Judging by their latest results, the next big problem for major US banks appears to be their interests in the commercial property sector: all $US6.7 trillion of it. This is while their problems with home mortgages, foreclosures and bad corporate loans show no sign of improving.

Some of America’s major banks, including Morgan Stanley, Well Fargo, Key Corp, Bank of New York Mellon, Regions Bank and US Bancorp have sent unwanted messages to American investors, markets and regulators that the commercial property sector is tanking quickly.

Money centre giants Morgan Stanley (which lost $US159 million in the second quarter overall) and Well Fargo (a $US3.17 billion profit) confirmed the mounting pressures on the US commercial property market when they reported large losses and surging bad loans in their second quarter reports.

US banks have already lost tens of billions of dollars in home mortgages and corporate loans (and been brought to their knees and saved by the US Government). Now poor quarterly figures for two of the largest lenders and investors in office, retail and industrial property across the US suggest that commercial real estate will be the next front in the financial crisis after the collapse of the housing market. And results from other banks support the notion of a commercial property implosion.

Shopping centres, office blocks and commercial industrial property are selling for huge discounts. General Growth, American’s second largest shopping centre operator is in bankruptcy and the John Hancock Building in Boston was earlier this year sold in a bankruptcy auction for $US660 million, half its purchase price three years ago.

Late last week, in a move little noticed by the markets, Macquarie CountryWide trust sold 75%% of its US holding of 86 retail properties for $US1.3 billion, or around 24% less than it had paid for them in 2005. Its exposure to the US has been cut from 70% to around 25% of its assets.

In recent events:

  • Morgan Stanley reported a $US700 million cut on its $US17 billion commercial property portfolio in the second quarter.
  • Well Fargo saw its non-performing loans in commercial real estate soar 69%, from $US4.5 bullion to $US7.6 billion in the second quarter.
  • Regions Bank, a big regional institution based in the Alabama, saw a $US1.7 billion jump in new problem loans and a $US977 million, or 60% jump in non-performing loans in the second quarter.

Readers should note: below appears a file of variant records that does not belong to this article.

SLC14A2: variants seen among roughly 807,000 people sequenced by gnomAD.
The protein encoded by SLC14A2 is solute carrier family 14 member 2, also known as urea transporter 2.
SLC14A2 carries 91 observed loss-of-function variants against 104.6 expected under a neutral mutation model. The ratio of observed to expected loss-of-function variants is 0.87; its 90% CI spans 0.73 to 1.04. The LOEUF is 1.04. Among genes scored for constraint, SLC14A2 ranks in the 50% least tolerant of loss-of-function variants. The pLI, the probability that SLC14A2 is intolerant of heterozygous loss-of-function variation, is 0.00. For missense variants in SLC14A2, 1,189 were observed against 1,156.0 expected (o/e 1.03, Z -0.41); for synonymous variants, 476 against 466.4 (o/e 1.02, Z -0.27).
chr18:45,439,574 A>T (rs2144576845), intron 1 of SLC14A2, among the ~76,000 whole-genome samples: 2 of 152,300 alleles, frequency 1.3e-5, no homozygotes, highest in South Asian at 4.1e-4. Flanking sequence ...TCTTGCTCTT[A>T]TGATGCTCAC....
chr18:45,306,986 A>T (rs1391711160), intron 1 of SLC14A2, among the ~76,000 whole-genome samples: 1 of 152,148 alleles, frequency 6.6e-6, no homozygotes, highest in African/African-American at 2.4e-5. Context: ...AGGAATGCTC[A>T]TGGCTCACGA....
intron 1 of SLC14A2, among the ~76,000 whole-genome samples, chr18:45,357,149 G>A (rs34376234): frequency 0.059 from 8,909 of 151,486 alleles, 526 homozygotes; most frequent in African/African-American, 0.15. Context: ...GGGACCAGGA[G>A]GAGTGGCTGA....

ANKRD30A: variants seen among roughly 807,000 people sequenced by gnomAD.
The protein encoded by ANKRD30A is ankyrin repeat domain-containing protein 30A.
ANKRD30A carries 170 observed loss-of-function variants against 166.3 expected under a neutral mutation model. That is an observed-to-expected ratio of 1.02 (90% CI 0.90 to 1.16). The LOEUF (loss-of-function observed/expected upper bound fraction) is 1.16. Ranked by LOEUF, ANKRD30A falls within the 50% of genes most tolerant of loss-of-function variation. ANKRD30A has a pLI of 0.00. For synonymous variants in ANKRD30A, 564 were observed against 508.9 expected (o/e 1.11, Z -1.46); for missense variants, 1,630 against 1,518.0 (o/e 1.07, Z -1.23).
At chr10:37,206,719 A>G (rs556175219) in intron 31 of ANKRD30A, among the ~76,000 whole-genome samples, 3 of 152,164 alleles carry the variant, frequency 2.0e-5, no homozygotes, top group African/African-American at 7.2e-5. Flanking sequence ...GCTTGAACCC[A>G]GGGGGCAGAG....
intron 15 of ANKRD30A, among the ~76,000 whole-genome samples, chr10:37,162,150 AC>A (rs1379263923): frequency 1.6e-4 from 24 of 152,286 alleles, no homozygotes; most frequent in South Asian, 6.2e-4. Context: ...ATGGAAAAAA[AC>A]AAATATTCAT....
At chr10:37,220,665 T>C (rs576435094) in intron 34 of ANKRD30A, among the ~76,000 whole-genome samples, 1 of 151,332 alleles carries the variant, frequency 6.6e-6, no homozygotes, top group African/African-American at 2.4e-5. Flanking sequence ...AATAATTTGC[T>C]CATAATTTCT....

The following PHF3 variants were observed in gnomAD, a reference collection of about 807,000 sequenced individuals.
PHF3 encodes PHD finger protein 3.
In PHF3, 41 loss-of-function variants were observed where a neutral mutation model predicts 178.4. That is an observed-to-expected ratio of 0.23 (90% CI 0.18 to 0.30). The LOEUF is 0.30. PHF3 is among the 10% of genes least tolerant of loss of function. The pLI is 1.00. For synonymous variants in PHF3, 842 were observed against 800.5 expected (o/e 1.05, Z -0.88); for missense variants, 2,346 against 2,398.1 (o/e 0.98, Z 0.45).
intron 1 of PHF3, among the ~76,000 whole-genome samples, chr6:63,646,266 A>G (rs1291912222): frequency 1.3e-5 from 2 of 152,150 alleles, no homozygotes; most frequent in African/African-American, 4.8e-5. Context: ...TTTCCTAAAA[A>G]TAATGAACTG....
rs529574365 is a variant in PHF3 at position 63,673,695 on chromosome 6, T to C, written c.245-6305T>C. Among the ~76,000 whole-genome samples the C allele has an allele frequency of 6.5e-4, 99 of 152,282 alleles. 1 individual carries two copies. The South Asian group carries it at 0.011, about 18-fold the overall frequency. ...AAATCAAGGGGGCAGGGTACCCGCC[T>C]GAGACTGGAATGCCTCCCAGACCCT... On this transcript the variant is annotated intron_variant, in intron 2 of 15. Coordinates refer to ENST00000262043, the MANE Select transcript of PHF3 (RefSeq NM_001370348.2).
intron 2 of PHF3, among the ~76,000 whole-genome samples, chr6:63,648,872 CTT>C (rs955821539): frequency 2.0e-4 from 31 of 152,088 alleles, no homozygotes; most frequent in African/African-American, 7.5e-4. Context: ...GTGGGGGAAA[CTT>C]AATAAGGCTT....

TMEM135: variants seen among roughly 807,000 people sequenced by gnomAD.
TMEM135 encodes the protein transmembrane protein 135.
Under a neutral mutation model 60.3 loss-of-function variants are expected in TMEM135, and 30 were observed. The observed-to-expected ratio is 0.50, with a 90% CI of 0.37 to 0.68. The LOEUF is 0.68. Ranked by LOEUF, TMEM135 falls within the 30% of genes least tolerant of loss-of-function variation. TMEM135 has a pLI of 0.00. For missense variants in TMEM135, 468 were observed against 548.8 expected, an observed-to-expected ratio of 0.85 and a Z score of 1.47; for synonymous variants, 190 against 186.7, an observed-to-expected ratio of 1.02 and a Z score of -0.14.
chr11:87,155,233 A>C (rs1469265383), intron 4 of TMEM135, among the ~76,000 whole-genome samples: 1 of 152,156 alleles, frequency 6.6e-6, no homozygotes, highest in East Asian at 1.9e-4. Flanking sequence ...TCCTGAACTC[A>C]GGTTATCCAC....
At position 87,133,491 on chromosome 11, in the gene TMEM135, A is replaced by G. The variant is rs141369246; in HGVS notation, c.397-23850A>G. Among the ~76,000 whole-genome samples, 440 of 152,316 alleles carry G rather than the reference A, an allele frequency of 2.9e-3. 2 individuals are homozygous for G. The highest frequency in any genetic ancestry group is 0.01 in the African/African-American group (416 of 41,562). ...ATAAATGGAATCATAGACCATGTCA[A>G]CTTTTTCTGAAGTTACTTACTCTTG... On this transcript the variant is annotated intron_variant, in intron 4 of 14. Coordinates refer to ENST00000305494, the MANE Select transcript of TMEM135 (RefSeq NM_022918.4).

• Keycorp reported rising commercial real estate loan losses: it set aside 31% more in provisions for bad loans.
  • US Bancorp, based in Minneapolis, said profit fell 76% to $US221 million and its set aside and charge-off for bad loans more than doubled in the quarter.
  • SunTrust, based in Atlanta, had a second quarter loss of $US164.4 million, compared with a year-earlier profit of $US530 million and non- performing loans were $US5.5 billion of loans, or a worrying 4.48% of all loans.

Earlier this month the Federal Reserve’s Associate Director of Banking Supervision and Regulation Jon Greenlee said, “…at the end of the first quarter [of 2009], about seven percent of commercial real estate loans on banks’ books were considered delinquent. This was almost double from the level a year earlier.”

Greenlee said there is about $US3.5 trillion of outstanding debt associated with commercial real estate, and banks had about $US1.8 trillion of that in their loan books. That means around $US126 billion of delinquent commercial mortgages on the banks’ books, so far. He said an additional $US900 billion represented collateral for securitised home loans through what’s called Collaterised Mortgage Backed Securities.

“The pace of property sales has slowed dramatically since peaking in 2007, from quarterly sales of roughly $195 billion to about $20 billion in the first quarter of 2009,” he said.

And on Tuesday, the softening commercial property market was a big focus of the questioning of Fed Chairman, Ben Bernanke in his Capitol Hill appearance.

Bernanke warned that a continued deterioration in commercial property, where prices have fallen by about 35% since the market’s peak and defaults have been rising sharply, would present a “difficult” challenge for the economy. He added that one of the main problems was that the market for securities backed by commercial mortgages had “completely shut down”, as it has for home mortgages.